'Brookdale' Or I845
You have certainly noticed it by now; I am talking about the upcoming i845 chipset (formerly known as 'Brookdale') that stole the show of everything else at the recent Computex 2001 in Taipei. It is common knowledge by now that this chipset is also supporting DDR-SDRAM, but Intel is unwilling to release i845 plus DDR anytime soon. In August we will have the chance to build nice and clean RDRAM-free Pentium 4 systems, but instead of the obvious alternative DDR-SDRAM, we will have to use PC133 SDRAM. It is not very hard to imagine that this slightly outdated and somewhat slow memory type will have a major performance impact on Pentium 4. The question is only how much of an impediment PC133 memory will be for Pentium 4.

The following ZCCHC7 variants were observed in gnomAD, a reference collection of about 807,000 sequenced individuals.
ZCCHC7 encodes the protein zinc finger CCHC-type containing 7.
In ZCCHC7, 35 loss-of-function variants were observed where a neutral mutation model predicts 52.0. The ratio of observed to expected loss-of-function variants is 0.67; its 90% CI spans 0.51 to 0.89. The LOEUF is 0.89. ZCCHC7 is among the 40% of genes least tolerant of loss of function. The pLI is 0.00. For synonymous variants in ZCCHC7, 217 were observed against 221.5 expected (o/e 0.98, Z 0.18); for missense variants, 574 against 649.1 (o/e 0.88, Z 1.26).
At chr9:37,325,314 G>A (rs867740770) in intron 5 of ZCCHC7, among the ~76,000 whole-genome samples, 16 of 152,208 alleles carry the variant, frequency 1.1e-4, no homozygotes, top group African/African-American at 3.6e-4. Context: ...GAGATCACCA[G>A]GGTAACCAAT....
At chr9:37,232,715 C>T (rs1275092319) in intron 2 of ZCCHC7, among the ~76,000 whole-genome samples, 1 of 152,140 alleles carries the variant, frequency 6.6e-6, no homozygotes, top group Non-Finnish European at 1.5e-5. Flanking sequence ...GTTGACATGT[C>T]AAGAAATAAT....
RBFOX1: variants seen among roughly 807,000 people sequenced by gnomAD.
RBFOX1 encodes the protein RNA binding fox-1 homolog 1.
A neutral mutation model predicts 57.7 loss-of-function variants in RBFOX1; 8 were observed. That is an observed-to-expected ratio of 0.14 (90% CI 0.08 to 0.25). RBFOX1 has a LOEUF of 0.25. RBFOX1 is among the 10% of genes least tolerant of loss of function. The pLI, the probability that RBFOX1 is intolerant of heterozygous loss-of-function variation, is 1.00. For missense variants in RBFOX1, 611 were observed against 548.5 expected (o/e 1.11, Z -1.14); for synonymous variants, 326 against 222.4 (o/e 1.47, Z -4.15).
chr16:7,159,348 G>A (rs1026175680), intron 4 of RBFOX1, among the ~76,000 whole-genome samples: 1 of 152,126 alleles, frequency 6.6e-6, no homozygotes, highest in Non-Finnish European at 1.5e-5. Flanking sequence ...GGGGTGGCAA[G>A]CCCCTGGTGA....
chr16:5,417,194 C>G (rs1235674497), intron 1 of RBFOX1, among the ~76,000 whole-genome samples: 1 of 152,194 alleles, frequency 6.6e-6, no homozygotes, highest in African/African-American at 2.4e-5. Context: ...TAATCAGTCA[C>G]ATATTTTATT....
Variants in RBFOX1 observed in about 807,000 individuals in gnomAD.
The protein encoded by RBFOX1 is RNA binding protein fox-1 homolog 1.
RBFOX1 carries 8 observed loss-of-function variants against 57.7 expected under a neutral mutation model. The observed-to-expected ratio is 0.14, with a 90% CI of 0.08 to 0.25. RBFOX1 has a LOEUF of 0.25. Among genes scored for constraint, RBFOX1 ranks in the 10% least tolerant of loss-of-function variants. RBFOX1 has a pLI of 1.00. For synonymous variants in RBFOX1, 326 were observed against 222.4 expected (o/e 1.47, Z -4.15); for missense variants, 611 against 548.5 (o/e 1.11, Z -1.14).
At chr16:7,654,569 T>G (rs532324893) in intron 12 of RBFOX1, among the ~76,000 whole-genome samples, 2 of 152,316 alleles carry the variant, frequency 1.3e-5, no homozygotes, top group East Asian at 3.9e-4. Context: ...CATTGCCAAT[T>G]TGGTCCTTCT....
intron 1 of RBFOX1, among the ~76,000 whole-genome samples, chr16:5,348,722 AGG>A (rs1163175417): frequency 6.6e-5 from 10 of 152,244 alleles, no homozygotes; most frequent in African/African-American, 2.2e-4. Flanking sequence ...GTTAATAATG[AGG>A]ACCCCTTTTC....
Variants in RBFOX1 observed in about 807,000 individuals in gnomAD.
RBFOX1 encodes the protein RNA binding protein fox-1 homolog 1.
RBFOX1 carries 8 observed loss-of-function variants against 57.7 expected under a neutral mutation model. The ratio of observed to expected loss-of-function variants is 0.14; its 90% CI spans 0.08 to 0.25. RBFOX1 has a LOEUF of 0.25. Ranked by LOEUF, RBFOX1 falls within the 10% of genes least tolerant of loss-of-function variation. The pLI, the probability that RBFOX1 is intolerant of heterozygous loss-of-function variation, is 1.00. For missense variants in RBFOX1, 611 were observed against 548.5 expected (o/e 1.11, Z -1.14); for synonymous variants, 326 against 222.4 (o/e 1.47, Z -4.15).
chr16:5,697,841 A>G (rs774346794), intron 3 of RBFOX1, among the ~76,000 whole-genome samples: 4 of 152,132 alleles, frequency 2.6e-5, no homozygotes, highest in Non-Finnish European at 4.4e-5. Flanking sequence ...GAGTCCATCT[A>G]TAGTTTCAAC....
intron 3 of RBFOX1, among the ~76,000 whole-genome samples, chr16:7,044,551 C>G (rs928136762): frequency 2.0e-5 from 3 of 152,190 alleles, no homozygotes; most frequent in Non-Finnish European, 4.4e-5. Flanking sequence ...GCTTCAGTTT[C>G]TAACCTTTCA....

Let have a look at some of the facts:
|Header Cell - Column 0
|very low to low
|mid to high
|1.6 - 2 GB/s
|Numerous VIA, Intel i815, SiS
|AMD760, numerous VIA, ALi, SiS
|3.2 - 4.1 GB/s
|Intel i840, i850, i860
|Performance with Processors:
|Row 8 - Cell 1
|Row 8 - Cell 2
|Row 8 - Cell 3
|Intel Pentium III
The table shows that PC133 is the oldest of the three currently available memory types on the market. It comes with the lowest bandwidth, though with the lowest (and thus best) latency as well. PC133 is very inexpensive, but the price advantage over the more advanced DDR-SDRAM is shrinking daily and does not play a major role in cost considerations anymore.
One-channel SDRAM configurations, such as in case of the upcoming i845, can only provide a third of the bandwidth of current Pentium 4 platforms with i850 chipset. From that point of view it seems very likely that i845 will starve Pentium 4 for data. However, we know from Pentium III systems that PC133 is able to outperform RDRAM if the bandwidth doesn't come into play, because RDRAM's latency is so much higher than that of PC133 SDRAM that the PC133 i815 platform is able to outperform the RDRAM chipsets i820 and i840.
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